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Pastor’s Note-September 2018

Last month I spent a week in Iceland backpacking the Laugavegur trail with my brother, Matt. This four-day, 54-km trek through the highlands of Iceland was an unbelievable adventure and a trip of a lifetime for me. As I have since reflected upon the trip, there are a few lessons I would like to share with you.

Sometimes the only thing you can do is strap on your pack and put one foot in front of the other.

The first day of the trek involved a 12-km hike through lava fields, windswept ridgelines, and seemingly endless snow fields (in August!) as we gained over 1500 feet in elevation! Even though I had been training for several months, it was still tough and I often found myself huffing and puffing up the vertical ascents with a 30-lb. pack strapped to my back. Needless to say, the first day wasn’t what most of us would normally call “fun”! Life is often like that, too. We start out doing something amazing, but quickly find there are greater short-term costs than we had counted on. In those moments, we have a choice. We can quit and wrestle with regrets of what might have been. Or we can strap on our pack, tighten our boot laces, and continue to put one foot in front of the other until we reach our goal. In my experience, both in Iceland and in every other challenge in life, the short-term pain is almost always more than worth it.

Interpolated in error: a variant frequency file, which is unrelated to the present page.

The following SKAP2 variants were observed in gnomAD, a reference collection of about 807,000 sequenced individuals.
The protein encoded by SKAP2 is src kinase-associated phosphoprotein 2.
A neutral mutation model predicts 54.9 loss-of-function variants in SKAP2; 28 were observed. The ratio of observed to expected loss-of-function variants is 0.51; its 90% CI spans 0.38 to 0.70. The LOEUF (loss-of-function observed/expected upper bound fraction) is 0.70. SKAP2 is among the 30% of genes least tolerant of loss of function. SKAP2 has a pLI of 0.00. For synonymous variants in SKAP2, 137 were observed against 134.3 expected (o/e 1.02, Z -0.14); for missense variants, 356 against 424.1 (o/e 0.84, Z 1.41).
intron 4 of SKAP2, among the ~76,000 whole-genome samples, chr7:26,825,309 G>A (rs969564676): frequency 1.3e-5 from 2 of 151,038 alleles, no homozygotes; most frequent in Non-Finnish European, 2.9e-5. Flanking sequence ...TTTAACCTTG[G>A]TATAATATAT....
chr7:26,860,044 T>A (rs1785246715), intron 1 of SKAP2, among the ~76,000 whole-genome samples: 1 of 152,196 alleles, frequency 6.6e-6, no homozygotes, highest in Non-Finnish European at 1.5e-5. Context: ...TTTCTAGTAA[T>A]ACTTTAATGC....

Most of the time, it’s not so much what you do but whom you do it with.

My younger brother, Matt, and I were born five years apart. When I graduated from high school and went off to college, he was in eighth grade. Since then life has always managed to get in the way and we’ve found ourselves slowly losing touch with the details of one another’s lives. Besides seeing the rugged beauty of Iceland, one of the main draws of taking this trip together was simply to have uninterrupted time to reconnect. Looking back at our trip, doing it solo just wouldn’t have been the same. No matter if it is slogging up a steep hill or gazing down over a breathtaking vista, what you remember most is who you experienced it with. In a world that sees relationships as disposable, this was a much-needed reminder.

When we keep it simple and cut out the distractions, we rediscover joy.

After hiking for 6-7 hours each day over constantly changing terrain, my knees were sore, my feet were tender, and I was wiped. But when I laid my head down each night, there was a lightness in my heart I haven’t felt for some time. It was pure, unfiltered joy. The only objective we had each morning was to keep walking and not stop until we reached the next waypoint. It was the most physically difficult trip I’ve taken in years, but by far the most relaxing. Thinking back on this, I can’t help but wonder whether we smother our joy beneath all of the unnecessary distractions we place in our lives. We occupy our thoughts and schedules with stuff that doesn’t ultimately matter and only steals our joy. When we keep it simple, however, we don’t have to manufacture joy. We find it lying there, just waiting to be rediscovered.

For His Glory,

Pastor Drew

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